Watchmen Soundtrack, Tyler Bates

Posted by AJ Harbison at 9:57 pm

As you may have seen on my Twitter page (or the sidebar on the right), I went to see the movie Watchmen on Thursday night. It’s the only film adaptation of what is generally accepted to be the greatest graphic novel/comic book of all time, Alan Moore and Dave Gibbons’ work of the same name. It was considered “unfilmable” for over twenty years, but director Zack Snyder (of 300 fame) did a terrific job and made a movie worthy of the book. I’ve heard that he used the graphic novel basically as a storyboard for the movie, and many scenes are recreated almost shot-for-shot; overall it’s probably the most faithful book-to-movie adaptation I’ve ever seen. The performances were all great, especially Jackie Earle Haley as Rorschach and Patrick Wilson as Dan Dreiberg/Nite Owl II. One of my few reservations was that the movie didn’t give the Adrian Veidt/Ozymandias character enough credit–he was too much of a pretty boy and not enough emphasis was given to his intelligence–but overall I vastly enjoyed it. (IMDB’s trivia page on the movie is rather extensive, and is an interesting source of information on the long process of making the movie as well as a compendium of many of the subtle references made to the book in the movie. Well worth checking out, if you’re interested.)

I really enjoyed the music, as well. Most of the soundtrack consisted of songs from the time in which the movie takes place–“The Times They Are A-Changin'” by Bob Dylan, “All Along The Watchtower” performed by Jimi Hendrix, “Hallelujah” by Leonard Cohen, “The Sound Of Silence” by Simon and Garfunkel, etc. Some of the songs play with the action happening on screen; for example, “The Times They are A-Changin'” plays over a historical montage setting the context of the movie and “The Sound Of Silence” plays over the graveyard scene of The Comedian’s funeral. Other songs play against the action, for example when “Unforgettable” performed by Nat King Cole plays over the intense violence of The Comedian’s murder at the beginning. Both uses are very effective in their own way, and I was impressed at how well all of the songs (which already exist in a set form, and were chosen because of their fame in the era) were put to use in the film. It’s also worth noting that many of the songs were referenced in the original graphic novel, several being the basis of issue titles; another example of Snyder paying homage to the source material in as many ways as possible.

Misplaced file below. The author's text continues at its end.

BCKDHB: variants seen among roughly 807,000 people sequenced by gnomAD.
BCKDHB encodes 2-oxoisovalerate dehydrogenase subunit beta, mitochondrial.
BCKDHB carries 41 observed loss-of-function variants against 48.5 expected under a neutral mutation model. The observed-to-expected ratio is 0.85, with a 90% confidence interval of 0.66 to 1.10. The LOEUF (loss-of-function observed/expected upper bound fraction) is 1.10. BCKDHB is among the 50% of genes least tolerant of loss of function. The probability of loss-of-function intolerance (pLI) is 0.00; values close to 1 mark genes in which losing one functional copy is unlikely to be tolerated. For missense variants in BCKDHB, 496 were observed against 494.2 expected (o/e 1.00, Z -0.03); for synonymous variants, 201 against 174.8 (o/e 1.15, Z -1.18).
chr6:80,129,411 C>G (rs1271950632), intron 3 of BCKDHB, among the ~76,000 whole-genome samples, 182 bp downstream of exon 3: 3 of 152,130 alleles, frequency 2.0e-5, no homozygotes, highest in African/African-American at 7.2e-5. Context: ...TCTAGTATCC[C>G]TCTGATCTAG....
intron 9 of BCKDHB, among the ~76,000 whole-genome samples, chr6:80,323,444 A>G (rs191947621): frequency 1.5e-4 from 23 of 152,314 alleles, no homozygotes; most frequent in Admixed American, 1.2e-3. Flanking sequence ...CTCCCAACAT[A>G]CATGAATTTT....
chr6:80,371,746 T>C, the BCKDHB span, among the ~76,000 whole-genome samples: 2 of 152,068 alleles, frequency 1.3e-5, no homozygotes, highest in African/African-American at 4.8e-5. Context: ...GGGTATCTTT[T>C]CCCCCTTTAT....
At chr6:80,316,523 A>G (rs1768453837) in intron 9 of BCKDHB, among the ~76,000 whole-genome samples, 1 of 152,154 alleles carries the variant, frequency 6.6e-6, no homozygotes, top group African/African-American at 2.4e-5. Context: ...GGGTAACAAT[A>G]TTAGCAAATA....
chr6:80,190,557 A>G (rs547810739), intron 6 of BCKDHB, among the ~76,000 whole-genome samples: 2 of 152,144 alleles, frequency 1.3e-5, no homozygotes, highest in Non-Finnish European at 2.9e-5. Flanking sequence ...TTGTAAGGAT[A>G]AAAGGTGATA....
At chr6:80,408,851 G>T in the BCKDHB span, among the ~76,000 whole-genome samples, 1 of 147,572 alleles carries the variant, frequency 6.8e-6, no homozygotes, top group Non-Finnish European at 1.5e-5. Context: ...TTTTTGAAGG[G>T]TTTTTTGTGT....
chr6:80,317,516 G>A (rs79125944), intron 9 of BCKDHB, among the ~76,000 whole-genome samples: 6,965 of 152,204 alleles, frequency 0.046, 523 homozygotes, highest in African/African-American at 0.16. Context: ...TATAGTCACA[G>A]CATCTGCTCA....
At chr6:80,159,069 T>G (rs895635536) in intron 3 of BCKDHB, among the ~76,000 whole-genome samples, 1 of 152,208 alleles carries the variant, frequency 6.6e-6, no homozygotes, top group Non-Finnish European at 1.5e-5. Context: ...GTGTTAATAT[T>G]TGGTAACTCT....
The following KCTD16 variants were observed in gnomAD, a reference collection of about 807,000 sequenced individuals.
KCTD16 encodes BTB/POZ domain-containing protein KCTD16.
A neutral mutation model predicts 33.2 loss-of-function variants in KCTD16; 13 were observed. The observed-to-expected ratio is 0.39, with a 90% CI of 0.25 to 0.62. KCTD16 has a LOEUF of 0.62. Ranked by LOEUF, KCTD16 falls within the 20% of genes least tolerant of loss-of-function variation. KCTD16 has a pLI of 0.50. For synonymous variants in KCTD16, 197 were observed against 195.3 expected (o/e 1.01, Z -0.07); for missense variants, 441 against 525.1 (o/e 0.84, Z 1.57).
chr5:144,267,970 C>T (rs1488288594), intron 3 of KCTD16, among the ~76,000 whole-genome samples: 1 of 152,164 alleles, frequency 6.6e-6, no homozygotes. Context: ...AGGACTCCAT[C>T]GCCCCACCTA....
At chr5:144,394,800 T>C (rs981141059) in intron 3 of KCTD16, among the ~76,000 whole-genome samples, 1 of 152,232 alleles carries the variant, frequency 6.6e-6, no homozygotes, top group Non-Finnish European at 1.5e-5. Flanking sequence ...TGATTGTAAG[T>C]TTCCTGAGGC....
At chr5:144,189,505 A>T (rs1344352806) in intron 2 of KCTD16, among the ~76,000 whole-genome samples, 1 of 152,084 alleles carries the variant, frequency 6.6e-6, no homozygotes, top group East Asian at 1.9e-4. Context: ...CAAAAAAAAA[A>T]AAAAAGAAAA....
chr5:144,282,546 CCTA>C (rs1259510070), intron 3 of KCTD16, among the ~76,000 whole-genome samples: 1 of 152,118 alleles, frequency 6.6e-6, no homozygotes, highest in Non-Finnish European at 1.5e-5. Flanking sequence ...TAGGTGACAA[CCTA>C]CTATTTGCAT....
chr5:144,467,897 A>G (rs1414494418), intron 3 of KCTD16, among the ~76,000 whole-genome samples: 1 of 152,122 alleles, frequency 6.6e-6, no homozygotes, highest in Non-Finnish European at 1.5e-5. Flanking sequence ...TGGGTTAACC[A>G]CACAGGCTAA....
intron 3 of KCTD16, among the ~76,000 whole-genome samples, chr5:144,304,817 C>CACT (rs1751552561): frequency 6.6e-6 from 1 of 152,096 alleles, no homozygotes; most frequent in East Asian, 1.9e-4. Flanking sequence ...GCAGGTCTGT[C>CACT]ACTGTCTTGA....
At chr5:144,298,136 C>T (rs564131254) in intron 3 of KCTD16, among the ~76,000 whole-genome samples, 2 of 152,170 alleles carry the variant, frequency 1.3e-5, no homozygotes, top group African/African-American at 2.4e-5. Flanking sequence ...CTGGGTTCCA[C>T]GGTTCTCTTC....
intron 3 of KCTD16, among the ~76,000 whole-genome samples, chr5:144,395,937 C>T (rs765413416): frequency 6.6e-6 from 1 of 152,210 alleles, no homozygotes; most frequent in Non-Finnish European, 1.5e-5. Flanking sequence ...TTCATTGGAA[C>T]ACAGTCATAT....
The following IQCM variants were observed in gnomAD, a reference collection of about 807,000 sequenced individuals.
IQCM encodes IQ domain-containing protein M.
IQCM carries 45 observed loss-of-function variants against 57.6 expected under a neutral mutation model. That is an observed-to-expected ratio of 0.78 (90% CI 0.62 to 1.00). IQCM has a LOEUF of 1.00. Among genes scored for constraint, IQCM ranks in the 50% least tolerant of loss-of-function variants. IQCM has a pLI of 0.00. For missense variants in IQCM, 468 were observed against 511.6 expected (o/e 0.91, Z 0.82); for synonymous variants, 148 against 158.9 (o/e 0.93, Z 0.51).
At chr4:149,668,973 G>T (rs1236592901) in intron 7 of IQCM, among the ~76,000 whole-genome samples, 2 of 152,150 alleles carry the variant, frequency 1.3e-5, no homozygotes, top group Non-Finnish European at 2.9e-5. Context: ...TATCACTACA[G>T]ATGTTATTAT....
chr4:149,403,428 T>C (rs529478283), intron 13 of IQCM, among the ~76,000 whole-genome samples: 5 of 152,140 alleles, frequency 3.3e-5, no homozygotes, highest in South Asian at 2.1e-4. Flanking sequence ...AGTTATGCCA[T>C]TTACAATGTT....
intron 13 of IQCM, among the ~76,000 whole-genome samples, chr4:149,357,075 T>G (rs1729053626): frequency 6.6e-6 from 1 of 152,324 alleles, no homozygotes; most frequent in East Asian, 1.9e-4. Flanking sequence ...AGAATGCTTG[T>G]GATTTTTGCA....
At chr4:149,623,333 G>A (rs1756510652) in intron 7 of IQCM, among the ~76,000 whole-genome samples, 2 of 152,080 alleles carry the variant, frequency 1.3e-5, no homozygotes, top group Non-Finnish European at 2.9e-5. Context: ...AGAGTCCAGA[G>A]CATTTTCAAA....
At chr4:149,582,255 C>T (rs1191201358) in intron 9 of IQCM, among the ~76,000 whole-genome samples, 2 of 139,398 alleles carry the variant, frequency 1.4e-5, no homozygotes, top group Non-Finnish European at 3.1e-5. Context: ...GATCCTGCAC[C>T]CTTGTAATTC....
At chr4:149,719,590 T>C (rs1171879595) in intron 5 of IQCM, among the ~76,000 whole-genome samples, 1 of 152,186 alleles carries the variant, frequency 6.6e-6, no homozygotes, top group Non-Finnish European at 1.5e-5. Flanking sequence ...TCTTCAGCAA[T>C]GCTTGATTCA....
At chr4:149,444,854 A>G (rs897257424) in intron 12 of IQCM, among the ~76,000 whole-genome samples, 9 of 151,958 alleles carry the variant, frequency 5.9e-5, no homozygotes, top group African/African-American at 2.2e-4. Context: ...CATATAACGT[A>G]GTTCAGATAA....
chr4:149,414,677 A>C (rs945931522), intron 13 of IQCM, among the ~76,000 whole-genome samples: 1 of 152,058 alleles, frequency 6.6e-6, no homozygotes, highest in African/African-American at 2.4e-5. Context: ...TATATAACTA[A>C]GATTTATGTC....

The movie also uses several “classical” cues like Wagner’s “Ride of the Valkyries” for one of the Vietnam War scenes (the piece is referenced in the book, though not in that context). During the scene of Dr. Manhattan’s origin story, which takes place on Mars, the music played is Philip Glass’ “Prophecies,” from the movie Koyaanisqatsi; the eerie, otherworldly quality of Glass’ minimalism is a perfect complement to the isolation and (literally) otherworldliness of the scene.

I enjoyed the actual score by Tyler Bates too (many if not all of the choices of pop songs would have been made by the music supervisor). It was unintrusive, and mostly consisted of background atmosphere-type cues. The one moment that stood out, however, was the scene where Laurie and Daniel (aka Silk Spectre II and Nite Owl II) decide to put their costumes on and go out adventuring, like they did in the old days. The music grew to a stirring, inspirational feel as the characters gained confidence and sensed old excitements coming back. The first thing that stood out was the music’s subtle homage paid to the Batman Begins and The Dark Knight scores, by James Newton Howard and Hans Zimmer, in its rhythmic string pattern (I wrote about the Dark Knight score back in August). But scarcely before I began smiling at recognizing the reference, the score paid a much less subtle homage to Don Davis’ score for The Matrix, particularly part of the last cue “Anything Is Possible” which occurs when Neo comes back from the dead and realizes all of his powers inside the Matrix. It was practically Bates’ paraphrase of the Matrix cue. Both of the score references were to “superheroes,” of a sort, and indicated strong decisions to take up superhero-like powers–which, of course, was exactly what was happening in that scene in Watchmen. It was rather brilliant.

Watchmen was a great movie with a great soundtrack. The caveat is that there’s a lot of blood’n’guts and a few sex scenes, but I would recommend the movie highly to anyone who enjoyed the graphic novel. I rarely purchase film score albums, and even more rarely do I purchase soundtrack albums; but I’m considering both from this film. Well done, Zack Snyder and Tyler Bates.



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    The Drumless Drum on 04.19.2009

    Any soundtrack with Glass and Dylan can’t be a bad thing. Thanks for your review.

  2. Gravatar

    AJ Harbison on 04.20.2009

    Thanks for stopping by, Drumless Drum–glad you enjoyed the review!

    AJ Harbison

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